Does a successful appeal revive the employment relationship?
Mr P was dismissed by his employer following two allegations of gross misconduct. He appealed against his dismissal under a contractual appeal procedure. He was informed in writing that his appeal had been successful, but the appeal outcome letter only dealt with one of the allegations against him, not both. Mr P was dissatisfied with the letter, which he felt left important matters unresolved. He was also unhappy about the way in which the disciplinary procedure had been handled by his employer. He did not return to work, taking the view that he was not obliged to do so and could treat himself as being dismissed.
Mr P issued claims in the Employment Tribunal including unfair dismissal. A key issue was whether he had been dismissed and so whether he was entitled to claim unfair dismissal.
The Employment Tribunal found that Mr P had been dismissed on two grounds. Firstly, the contract governing the right of appeal did not state what the consequences of a successful appeal would be. Secondly, as the second allegation had not been addressed in the appeal outcome letter, there was no clarity as to the outcome of the appeal in relation to that allegation. This meant that Mr P was not bound to return to work. The Tribunal went on to find that the dismissal was unfair.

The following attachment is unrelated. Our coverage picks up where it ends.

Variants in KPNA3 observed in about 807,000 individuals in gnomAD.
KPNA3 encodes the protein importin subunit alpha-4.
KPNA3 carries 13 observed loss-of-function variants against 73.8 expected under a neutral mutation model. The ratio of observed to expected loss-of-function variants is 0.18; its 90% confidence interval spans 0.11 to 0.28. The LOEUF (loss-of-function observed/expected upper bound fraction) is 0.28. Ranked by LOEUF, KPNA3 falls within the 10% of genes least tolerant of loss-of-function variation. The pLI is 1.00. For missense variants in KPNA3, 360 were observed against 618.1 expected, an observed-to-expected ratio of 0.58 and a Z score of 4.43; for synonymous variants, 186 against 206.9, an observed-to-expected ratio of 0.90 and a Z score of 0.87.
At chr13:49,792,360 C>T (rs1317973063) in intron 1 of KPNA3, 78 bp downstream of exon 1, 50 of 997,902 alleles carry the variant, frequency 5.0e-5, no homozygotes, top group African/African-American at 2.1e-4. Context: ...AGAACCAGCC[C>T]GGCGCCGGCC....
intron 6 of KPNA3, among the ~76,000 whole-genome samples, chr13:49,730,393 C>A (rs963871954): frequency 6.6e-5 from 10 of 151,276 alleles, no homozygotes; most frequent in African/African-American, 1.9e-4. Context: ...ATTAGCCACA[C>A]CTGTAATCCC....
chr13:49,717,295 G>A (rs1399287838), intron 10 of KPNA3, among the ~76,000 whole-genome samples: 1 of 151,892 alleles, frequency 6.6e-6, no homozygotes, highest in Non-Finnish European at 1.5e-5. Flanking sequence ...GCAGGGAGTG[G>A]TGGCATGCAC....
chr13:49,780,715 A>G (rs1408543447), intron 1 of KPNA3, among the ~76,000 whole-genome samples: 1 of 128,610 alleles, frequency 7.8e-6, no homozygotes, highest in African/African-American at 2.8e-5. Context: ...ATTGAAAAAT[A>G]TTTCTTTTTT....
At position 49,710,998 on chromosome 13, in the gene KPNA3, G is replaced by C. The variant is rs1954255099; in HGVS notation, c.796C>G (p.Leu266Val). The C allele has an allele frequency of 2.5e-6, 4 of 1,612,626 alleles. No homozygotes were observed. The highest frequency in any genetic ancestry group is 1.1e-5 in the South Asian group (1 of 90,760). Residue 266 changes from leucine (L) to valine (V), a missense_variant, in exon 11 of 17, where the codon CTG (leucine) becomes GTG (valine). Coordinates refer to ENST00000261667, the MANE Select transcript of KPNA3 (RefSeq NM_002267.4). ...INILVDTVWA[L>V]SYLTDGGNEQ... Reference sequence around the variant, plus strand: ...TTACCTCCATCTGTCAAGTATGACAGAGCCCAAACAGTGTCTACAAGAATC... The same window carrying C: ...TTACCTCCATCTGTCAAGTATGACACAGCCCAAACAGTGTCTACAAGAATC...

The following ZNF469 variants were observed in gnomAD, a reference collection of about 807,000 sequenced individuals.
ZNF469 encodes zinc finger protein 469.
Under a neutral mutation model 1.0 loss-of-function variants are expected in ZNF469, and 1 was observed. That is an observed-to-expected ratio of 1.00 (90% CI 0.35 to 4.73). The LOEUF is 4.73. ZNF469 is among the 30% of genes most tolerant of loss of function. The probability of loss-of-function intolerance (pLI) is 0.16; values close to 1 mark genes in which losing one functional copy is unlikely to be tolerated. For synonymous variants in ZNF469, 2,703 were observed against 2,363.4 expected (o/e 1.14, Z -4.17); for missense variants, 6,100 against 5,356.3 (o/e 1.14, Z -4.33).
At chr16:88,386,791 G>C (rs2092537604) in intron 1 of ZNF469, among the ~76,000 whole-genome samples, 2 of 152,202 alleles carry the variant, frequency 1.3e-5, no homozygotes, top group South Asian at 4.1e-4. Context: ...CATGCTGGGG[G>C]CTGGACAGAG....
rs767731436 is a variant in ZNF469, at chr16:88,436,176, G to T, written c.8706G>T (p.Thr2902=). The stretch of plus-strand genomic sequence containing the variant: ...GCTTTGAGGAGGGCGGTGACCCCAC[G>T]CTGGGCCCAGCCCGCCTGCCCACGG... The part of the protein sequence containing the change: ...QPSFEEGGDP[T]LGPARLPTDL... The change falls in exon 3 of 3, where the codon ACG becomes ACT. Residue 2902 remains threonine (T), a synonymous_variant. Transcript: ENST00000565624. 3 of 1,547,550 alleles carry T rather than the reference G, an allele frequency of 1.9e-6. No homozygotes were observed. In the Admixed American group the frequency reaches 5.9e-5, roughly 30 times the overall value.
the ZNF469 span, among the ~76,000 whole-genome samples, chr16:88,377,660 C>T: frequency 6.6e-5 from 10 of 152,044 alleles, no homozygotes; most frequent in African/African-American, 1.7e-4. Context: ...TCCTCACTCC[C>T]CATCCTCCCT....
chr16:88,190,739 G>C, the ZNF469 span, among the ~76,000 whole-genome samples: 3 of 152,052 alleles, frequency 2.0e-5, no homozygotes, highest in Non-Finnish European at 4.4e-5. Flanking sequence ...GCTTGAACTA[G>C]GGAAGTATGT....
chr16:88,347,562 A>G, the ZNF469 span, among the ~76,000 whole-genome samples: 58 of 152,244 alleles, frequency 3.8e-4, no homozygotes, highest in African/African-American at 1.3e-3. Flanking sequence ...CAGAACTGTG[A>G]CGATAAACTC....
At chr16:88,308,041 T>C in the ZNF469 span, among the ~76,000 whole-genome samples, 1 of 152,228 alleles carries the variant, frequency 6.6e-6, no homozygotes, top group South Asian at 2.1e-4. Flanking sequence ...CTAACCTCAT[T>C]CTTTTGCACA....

On appeal, the Employment Appeal Tribunal disagreed. It found that as Mr P’s appeal had been successful, the effect was that he should be treated as not having been dismissed. This meant that he was not entitled to claim unfair dismissal.
The claim was then considered by the Court of Appeal, which agreed with the EAT. It noted that it is implicit in a contractual right to appeal that if the appeal is successful, the effect is that both employer and employee are bound to treat the employment relationship as having remained in existence throughout. The employee is entitled to be treated as if they have never been dismissed and receive back pay. A successful appeal does not give the employee an option whether to return to work or not. By appealing, the employee has already asked for the employment relationship to be restored.
However, the Court of Appeal went on to consider whether there had been a breach of trust and confidence by the employer when it failed to resolve one of the allegations against Mr P in the appeal outcome letter. Mr P had asked the employer to clarify its position, which it had failed to do. A serious breach of contract by an employer in its handling of an appeal can lead to an employee treating himself as constructively dismissed. It therefore asked the parties to make written submissions to the Court on that point.
This case provides a useful reminder to employers of two points, which should be borne in mind during a disciplinary process. The first, that where there is a contractual right of appeal a successful appeal overturns the dismissal and revives the employment contract so that it is as if the employee was never dismissed. The second, that a failure by an employer to deal satisfactorily with the appeal process can lead to an allegation of constructive dismissal, even if the appeal succeeds.
Employers should ensure that managers are trained on how to conduct disciplinary procedures, including appeals. If you would like information about the training that we can offer to your business, please contact us.
31 July 2018
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